Subject: Systems | August 8, 2014 - 05:17 PM | Jeremy Hellstrom
Tagged: gigabyte, gigabyte brix, brix, BXi5G-760
This particular Brix is a lot more powerful than most with an i5-4200H and what they refer to as a GeForce GTX 760 with 6GB of GDDR5. The GTX 760 is not quite the same as the desktop version, with 1344 shaders as opposed to 1152 and a slightly lower clock at 967MHz Boost for the GPU and 1250MHz for the RAM. The storage and RAM are left up to you, with the assumption that an SSD will be installed like it was in The Tech Report's review model. The small system was capable of 1080p gaming at medium to high resolution which is rather impressive considering the heat constraints.
"Gigabyte's Brix Gaming BXi5G-760 is a mini-PC on steroids, with a discrete Nvidia GPU and a dual-core Haswell CPU inside. Can it hang with traditional gaming PCs? We put it through some tough tests to find out."
Here are some more Systems articles from around the web:
- DinoPC Slayer 15.6″ GTX 870M and Magma Wrath GTX 770 @ Kitguru
- PC Specialist Vanquish 270X System @ eTeknix
- PCSpecialist Optimus V X13 @ Kitguru
- Cube Raptor Gaming PC @ eTeknix
- MSI Nightblade Z97 Barebones System Review @HiTech Legion
- Armari Magnetar M16E-AW1200-GPU Workstation @ Kitguru
- TR's July 2014 System Guide
Subject: Systems | March 24, 2014 - 01:49 PM | Jeremy Hellstrom
Tagged: gigabyte brix, brix pro
The Tech Report got their hands on the rather impressive Brix Pro from Gigabyte, a tiny PC that packs a fair amount of power. Hidden in this 2.4 x 4.3 x 4.5" box is a Core i7-4770R with accompanying HD 5200 Iris Pro graphics, a 240GB 525 Series SSD and 8GB of DDR3-1600, though the last two components are optional. The new Intel GPU was able to handle BF4 and Borderlands 2, though some strange artifacting was noticeable in the latter title. Overall they like the new Brix Pro but thought Gigabyte shrunk the device a little too much as the fan was quite loud when under load; a larger heatsink and fan combo may have avoided that minor irritation.
"The first, Intel-built NUC (short for Next Unit of Computing) debuted a little over a year ago, and our own Scott Wasson picked it apart at the time. Today, we're back with a mini-PC that's based on the same form factor but trades the power-sipping mobile CPU for a quad-core desktop specimen."
Here are some more Systems articles from around the web:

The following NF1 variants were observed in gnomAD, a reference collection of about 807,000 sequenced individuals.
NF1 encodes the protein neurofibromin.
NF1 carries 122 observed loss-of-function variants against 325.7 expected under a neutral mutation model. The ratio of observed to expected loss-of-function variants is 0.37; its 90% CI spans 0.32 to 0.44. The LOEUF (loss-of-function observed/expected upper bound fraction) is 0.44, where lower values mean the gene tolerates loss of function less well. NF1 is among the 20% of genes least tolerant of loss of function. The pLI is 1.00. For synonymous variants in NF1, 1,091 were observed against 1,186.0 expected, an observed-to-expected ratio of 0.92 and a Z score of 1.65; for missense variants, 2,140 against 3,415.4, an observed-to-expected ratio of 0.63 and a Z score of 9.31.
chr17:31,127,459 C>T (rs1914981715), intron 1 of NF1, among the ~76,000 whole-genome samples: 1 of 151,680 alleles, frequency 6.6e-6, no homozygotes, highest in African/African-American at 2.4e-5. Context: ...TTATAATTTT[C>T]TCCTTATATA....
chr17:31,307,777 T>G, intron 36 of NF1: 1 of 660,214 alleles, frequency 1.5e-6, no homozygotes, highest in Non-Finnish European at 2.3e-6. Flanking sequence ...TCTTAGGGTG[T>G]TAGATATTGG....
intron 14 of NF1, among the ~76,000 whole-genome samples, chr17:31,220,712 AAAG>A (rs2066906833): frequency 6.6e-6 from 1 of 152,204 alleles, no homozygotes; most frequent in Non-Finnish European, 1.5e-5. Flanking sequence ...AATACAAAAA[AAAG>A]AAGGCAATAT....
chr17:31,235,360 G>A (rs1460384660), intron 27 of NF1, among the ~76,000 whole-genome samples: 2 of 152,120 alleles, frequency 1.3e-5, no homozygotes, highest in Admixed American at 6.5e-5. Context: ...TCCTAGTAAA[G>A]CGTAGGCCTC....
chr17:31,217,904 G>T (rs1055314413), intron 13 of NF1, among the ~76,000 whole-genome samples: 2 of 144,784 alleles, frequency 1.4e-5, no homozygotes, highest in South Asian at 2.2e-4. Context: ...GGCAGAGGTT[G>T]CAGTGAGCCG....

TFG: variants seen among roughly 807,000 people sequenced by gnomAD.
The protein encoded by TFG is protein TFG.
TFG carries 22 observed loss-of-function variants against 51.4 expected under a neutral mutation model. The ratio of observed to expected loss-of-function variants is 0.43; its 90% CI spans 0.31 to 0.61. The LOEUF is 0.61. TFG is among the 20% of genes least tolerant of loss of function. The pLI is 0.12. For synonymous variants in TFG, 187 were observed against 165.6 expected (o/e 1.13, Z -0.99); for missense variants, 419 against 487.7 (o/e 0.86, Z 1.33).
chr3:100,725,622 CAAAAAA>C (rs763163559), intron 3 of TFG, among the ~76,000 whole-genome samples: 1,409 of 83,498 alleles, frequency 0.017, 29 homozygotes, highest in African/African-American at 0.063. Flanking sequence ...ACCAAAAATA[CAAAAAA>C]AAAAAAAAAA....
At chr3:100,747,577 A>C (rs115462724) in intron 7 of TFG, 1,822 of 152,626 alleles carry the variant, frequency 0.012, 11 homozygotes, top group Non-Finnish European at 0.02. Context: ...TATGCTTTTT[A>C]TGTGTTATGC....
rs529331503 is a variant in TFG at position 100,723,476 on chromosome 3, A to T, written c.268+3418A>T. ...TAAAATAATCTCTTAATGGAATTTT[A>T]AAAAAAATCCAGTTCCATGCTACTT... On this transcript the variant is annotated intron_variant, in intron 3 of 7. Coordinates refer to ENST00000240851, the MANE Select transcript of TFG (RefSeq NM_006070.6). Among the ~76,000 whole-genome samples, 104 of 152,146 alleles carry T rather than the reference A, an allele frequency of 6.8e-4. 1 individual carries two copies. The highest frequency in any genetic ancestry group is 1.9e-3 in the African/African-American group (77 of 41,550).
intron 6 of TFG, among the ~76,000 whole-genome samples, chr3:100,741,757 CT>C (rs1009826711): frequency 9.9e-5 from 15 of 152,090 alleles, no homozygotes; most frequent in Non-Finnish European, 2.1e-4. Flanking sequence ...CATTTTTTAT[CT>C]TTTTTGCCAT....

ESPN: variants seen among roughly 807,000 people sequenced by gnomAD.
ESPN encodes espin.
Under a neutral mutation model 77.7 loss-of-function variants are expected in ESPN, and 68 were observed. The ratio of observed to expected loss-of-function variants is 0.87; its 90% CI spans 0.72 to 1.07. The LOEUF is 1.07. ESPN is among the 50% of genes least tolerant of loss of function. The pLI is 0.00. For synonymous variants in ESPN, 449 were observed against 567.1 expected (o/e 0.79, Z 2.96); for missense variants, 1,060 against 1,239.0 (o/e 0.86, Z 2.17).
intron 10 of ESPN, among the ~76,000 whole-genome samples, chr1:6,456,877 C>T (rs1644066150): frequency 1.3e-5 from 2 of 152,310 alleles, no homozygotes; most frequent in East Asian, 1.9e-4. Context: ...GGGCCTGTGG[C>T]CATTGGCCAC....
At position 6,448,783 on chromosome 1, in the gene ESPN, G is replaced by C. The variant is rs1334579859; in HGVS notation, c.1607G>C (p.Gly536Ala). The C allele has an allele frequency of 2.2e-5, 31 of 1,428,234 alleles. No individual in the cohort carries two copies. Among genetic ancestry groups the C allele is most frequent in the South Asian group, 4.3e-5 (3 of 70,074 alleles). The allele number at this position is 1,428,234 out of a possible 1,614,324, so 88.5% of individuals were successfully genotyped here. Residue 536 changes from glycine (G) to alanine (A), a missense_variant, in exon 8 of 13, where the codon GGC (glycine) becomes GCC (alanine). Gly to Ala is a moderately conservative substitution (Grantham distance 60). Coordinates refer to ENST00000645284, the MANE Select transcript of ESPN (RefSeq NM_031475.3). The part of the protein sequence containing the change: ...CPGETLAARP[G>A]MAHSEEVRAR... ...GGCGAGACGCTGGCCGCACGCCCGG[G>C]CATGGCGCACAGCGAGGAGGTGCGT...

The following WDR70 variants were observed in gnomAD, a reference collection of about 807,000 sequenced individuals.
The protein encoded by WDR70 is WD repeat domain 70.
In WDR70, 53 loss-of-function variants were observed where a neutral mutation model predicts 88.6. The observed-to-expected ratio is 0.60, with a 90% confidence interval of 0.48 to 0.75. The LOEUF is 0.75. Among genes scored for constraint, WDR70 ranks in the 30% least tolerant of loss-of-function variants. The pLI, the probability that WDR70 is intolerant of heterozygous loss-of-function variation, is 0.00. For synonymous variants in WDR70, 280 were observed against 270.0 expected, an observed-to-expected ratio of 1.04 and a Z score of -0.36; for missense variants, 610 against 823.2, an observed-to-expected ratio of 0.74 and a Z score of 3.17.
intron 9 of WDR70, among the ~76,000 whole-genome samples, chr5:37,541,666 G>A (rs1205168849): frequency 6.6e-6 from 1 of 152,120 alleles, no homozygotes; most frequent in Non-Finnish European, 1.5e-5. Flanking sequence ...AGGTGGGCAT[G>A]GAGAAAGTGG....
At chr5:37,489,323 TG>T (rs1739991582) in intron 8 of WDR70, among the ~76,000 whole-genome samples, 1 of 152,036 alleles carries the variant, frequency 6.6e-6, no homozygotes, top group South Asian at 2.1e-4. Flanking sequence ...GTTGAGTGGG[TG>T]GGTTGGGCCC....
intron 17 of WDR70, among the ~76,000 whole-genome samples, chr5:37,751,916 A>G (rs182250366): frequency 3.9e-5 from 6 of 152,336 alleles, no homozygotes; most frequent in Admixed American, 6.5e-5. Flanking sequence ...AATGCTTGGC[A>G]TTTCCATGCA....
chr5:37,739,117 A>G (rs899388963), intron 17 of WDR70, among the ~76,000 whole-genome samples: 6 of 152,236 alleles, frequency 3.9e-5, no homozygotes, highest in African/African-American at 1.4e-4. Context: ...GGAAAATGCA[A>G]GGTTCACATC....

- CyberpowerPC Zeus Mini-I 780 mITX System Review @ Legit Reviews
- Asrock Vision HT 420D @ Legion Hardware
- Gigabyte Brix Pro GB-BXi7-4770R Mini-PC Review @MissingRemote
- Shuttle Barebone DS437 Fanless Slim PC with Celeron CPU Review @ Madshrimps
- MSI Nightblade @ Kitguru
- Monster Build Part 2: The Machine @ TechwareLabs
- CyberPowerPC Zeus Mini System Review @ Hardware Asylum
- YOYOTech M-Cube WS2 @ Kitguru
Subject: General Tech, Systems | January 28, 2014 - 04:54 PM | Scott Michaud
Tagged: gigabyte brix, gigabyte, amd
If you feel a little déjà vu while reading this, it is because this system is identical to the MAINGEAR SPARK. Both devices are powered by an AMD A8-5557M APU backed with an AMD Radeon R9 M275X mobile discrete GPU. They even use the same case with the same color scheme. The only difference that I could find is the MAINGEAR logo on the front versus the GIGABYTE logo on the top. I think we could safely say that both devices are made at the same place. I expect that GIGABYTE was the OEM for MAINGEAR's Steam Machine.
Check out Tim's post about the SPARK.
Check out GIGABYTE's product page for the BRIX Gaming.
When Tim published his post about the SPARK for CES, back on January 6th, little was known about the R9 M275X (beyond its 2GB of GDDR5). That is still the case. AMD has not said anything further about the mobile GPU. The press release from GIGABYTE claims that it will support DirectX 11.1 (which implies it will not support DirectX 11.2) and OpenGL 4.1 (which implies a lack of support for OpenGL 4.2, 4.3, and 4.4). GIGABYTE also claims that it will support "the latest OpenCL 1.1 standard" (which implies lack of support for OpenCL 1.2).
I seriously doubt that this is true.